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Film Reviews

Coen Brothers' Burn After Reading: Reviewed
John Doran , October 16th, 2008 12:55

True Coen brothers fans will happily sit through their mediocre films in order to get to the great ones. The Quietus happily sits through the latest

Last Oscar season, we saw supremely talented filmmakers get back to basics in order to snatch some statuettes. Paul Thomas Anderson toned down his more idiosyncratic tendencies as an auteur filmmaker in order to birth a fully alive character, Daniel Plainview, a villain that will stay with us in film mythology for years; while Ethan and Joel Coen gave us the equally scary though more frequently homicidal Anton Chigurh. There Will Be Blood... and No Country for Old Men owe much to the moving performances delivered by their respective stars, but they also both are edifices built on the bedrock of solid literary sources, and the latter film probably relies even more heavily on the original work of Pulitzer Prize-winning novelist Cormac McCarthy than the former does on Upton Sinclair’s Oil!

Without too much preaching from the Robert Mckee pulpit, it’s clear that both of these films are examples of skilled filmmakers dutifully serving the requirements of presenting great stories. Unfortunately, the Coen brothers’ most recent film, Burn After Reading reveals through contrast just how much sublimation probably took place in order to produce a gem like No Country.

Burn After Reading is the goofy fraternal twin of No Country: a black comedy that explores a humorous but highly contrived confluence of the Washington D.C. intelligence community and a group of adulterers, made from a script that the Coen brothers wrote simultaneously while pounding out their more sculpted and serious Oscar winner. Osbourne Cox (John Malkovich) is a disgruntled, Princeton-pedigreed CIA analyst who, following a demotion, decides to finish his memoirs, which is CIA code for go on a bender. His emotional collapse effectively cripples his unhappy marriage to the physician Katie Cox (Tilda Swinton), who in turn puts pressure on her lover, the affable U.S. Marshall Harry Pfarrer (George Clooney) to exit his own faltering relationship, a move that threatens to complicate his treasured internet dating hobby.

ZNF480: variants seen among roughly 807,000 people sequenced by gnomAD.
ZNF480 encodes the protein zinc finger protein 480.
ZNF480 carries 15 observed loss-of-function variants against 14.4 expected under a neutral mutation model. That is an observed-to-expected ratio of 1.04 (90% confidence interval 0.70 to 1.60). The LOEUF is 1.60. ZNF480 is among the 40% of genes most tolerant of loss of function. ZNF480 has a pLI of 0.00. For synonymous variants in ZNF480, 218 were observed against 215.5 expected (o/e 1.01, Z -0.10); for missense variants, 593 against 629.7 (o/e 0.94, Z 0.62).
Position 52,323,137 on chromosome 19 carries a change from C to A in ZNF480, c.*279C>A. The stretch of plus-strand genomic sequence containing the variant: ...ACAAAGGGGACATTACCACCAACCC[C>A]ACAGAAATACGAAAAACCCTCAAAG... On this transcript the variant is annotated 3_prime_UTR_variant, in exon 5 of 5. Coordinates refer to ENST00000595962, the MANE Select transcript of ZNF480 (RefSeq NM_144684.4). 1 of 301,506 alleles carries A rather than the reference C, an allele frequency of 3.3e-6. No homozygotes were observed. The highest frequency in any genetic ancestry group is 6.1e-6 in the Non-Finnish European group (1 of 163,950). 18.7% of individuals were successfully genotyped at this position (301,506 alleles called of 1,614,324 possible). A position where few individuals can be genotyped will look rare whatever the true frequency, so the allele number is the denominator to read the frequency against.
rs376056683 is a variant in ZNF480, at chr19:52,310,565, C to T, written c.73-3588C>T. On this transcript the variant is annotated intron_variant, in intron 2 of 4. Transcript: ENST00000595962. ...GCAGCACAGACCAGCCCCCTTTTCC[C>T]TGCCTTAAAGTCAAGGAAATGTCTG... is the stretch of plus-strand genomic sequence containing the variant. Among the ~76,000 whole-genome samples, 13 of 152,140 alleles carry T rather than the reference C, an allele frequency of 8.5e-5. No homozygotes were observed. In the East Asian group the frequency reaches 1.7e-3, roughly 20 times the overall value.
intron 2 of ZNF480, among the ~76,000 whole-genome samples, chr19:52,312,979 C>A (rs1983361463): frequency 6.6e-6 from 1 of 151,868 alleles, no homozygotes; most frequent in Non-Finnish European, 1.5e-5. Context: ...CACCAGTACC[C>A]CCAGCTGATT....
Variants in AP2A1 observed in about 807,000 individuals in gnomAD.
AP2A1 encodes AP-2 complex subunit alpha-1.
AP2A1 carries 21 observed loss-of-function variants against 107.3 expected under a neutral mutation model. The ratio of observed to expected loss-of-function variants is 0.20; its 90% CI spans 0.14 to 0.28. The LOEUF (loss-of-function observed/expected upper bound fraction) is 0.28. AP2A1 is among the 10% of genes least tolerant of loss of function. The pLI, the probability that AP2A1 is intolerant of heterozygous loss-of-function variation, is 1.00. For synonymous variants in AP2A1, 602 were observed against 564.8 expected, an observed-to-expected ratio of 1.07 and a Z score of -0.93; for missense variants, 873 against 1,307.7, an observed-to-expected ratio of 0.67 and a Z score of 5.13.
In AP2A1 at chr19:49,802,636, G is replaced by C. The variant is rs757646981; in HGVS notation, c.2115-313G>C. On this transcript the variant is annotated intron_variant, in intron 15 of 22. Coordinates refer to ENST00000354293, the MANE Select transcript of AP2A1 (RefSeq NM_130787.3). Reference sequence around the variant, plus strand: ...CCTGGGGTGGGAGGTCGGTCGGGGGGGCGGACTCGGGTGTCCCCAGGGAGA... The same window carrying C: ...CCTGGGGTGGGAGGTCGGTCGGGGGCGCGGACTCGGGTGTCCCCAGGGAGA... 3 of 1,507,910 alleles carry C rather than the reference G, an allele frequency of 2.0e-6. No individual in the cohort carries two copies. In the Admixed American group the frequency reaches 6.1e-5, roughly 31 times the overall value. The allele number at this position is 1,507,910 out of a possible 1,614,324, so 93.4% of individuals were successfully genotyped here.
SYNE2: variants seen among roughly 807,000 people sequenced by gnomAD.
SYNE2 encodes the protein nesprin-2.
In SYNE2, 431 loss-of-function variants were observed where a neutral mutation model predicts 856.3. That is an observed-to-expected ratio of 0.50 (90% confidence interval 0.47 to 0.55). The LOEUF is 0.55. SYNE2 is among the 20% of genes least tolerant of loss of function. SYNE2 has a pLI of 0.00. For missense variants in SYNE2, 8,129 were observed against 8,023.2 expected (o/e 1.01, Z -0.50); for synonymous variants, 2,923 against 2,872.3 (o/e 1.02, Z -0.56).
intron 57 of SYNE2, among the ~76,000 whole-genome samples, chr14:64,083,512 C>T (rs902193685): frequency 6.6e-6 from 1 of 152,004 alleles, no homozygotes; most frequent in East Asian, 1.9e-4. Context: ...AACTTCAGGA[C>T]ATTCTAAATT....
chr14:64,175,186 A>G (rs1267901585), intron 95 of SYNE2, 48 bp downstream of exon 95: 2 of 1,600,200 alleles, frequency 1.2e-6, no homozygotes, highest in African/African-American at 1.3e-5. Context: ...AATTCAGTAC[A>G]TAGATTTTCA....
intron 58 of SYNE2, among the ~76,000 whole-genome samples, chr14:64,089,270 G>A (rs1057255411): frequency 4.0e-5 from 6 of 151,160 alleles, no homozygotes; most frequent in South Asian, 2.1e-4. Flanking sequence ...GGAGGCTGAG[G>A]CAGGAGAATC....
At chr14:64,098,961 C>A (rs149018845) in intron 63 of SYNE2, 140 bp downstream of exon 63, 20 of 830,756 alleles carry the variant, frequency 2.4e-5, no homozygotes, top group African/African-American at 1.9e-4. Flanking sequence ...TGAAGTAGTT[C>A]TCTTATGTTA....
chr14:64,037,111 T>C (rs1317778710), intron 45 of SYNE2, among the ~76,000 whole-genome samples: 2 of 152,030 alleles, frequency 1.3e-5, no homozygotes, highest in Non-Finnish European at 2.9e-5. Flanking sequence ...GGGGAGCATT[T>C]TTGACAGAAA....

By a ridiculous chance occurrence, a rough digital copy of Cox’s memoirs falls into the hands of Linda Litzke (Frances Macdormand) and Chad Feldheimer (Brad Pitt), two meat-market gym employees who mistake the files for CIA dirty laundry and seek to blackmail Cox for financial gain. Litzke, another seasoned internet dater, dreams of using the funds to purchase surgical remedies for her middle-agedness, which will in turn cure her other more acute disease, middle-aged singleness. However, the dimwitted pair seem less motivated by grift than by the sympathetic desire to stave off boredom (after all, that’s what we are doing by watching them). Their naïveté allows them to propel with remarkable speed toward their punishments.